Treatment options for postmenopausal cramps include soaking in a hot bath, applying a heating pad to the abdomen, or the use of over-the-counter pain medications, according to The National Association of Baby Boomer Women. In the case of severe or frequent postmenopausal cramping, consult with a doctor to determine the underlying cause of the cramps.Continue Reading
Discovering the underlying cause of postmenopausal cramping is a good way to determine which treatment has the most potential benefit. Fibroids are common in women of menopausal and postmenopausal age, and are a known cause of abdominal cramping and pain, notes MedicineNet. A fibroid is a type of benign pelvic tumor that occurs in 70 to 80 percent of women who reach age 50. Fibroids are responsive to hormonal changes, and they may be more severe in menopausal women who are undergoing hormone replacement therapy. Treatment is not always necessary, though in severe cases a hysterectomy may cure or reduce symptoms.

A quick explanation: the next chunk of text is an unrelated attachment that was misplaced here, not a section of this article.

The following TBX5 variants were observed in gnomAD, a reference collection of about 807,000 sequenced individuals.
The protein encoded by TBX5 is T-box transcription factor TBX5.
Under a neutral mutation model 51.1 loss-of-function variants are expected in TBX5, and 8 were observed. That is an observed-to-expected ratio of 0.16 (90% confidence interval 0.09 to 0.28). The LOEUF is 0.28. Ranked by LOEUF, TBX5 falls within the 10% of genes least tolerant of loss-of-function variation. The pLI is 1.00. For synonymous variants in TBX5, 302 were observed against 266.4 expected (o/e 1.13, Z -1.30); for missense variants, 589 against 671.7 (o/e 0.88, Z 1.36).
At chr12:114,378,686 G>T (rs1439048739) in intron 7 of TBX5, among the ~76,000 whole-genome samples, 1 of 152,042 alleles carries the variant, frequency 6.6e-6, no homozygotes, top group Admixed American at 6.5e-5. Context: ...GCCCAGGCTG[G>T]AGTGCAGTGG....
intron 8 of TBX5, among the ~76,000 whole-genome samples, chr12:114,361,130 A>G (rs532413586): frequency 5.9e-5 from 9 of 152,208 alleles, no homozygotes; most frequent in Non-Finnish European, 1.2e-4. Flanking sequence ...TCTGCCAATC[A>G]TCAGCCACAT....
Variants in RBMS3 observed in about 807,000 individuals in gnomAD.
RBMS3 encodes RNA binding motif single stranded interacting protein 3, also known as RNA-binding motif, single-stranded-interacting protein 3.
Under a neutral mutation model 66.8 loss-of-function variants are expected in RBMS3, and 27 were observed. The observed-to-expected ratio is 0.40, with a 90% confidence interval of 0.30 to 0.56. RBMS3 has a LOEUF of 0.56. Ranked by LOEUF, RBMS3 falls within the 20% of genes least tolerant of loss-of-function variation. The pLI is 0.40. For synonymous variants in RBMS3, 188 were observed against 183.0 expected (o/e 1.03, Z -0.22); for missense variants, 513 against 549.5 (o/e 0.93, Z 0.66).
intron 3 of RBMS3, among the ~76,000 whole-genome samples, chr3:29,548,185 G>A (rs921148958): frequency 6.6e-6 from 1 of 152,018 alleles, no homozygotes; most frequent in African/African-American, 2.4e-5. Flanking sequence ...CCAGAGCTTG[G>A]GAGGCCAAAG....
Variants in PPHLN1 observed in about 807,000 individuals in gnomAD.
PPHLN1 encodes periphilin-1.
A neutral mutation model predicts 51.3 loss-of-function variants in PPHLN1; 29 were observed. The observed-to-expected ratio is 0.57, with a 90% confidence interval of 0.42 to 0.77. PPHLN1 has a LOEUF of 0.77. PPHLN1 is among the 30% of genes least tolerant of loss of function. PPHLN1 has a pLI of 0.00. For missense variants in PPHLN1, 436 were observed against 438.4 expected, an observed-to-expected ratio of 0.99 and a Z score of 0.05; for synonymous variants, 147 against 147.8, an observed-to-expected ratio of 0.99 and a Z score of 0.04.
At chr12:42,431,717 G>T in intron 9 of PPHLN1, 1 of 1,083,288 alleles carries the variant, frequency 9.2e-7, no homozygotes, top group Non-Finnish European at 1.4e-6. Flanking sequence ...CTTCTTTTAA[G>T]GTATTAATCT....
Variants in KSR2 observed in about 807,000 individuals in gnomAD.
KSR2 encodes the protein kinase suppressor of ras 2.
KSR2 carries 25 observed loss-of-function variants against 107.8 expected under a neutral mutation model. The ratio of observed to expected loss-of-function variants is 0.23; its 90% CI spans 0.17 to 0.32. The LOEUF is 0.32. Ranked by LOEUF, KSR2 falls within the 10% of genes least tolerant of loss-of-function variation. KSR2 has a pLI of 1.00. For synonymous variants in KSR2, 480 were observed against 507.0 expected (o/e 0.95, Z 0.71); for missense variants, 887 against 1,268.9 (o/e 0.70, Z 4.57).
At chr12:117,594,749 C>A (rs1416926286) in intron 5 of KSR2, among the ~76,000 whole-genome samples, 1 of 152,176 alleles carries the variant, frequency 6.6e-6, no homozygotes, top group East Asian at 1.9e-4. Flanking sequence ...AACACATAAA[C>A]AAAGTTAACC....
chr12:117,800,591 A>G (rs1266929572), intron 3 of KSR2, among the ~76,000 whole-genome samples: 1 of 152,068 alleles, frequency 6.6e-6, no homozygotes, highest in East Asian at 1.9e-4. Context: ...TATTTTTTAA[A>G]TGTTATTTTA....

Abdominal cramping after menopause may be related to digestion. Eating a balanced diet, participating in regular exercise and reducing or eliminating alcohol and cigarette use may be helpful for treating postmenopausal cramps, according to the National Association of Baby Boomer Women. Psychological stress may also play a role in abdominal cramping and pain after menopause. Utilizing mental relaxation techniques or seeking out psychiatric counselling may be helpful if stress is exacerbating the cramps.Learn more about Women's Health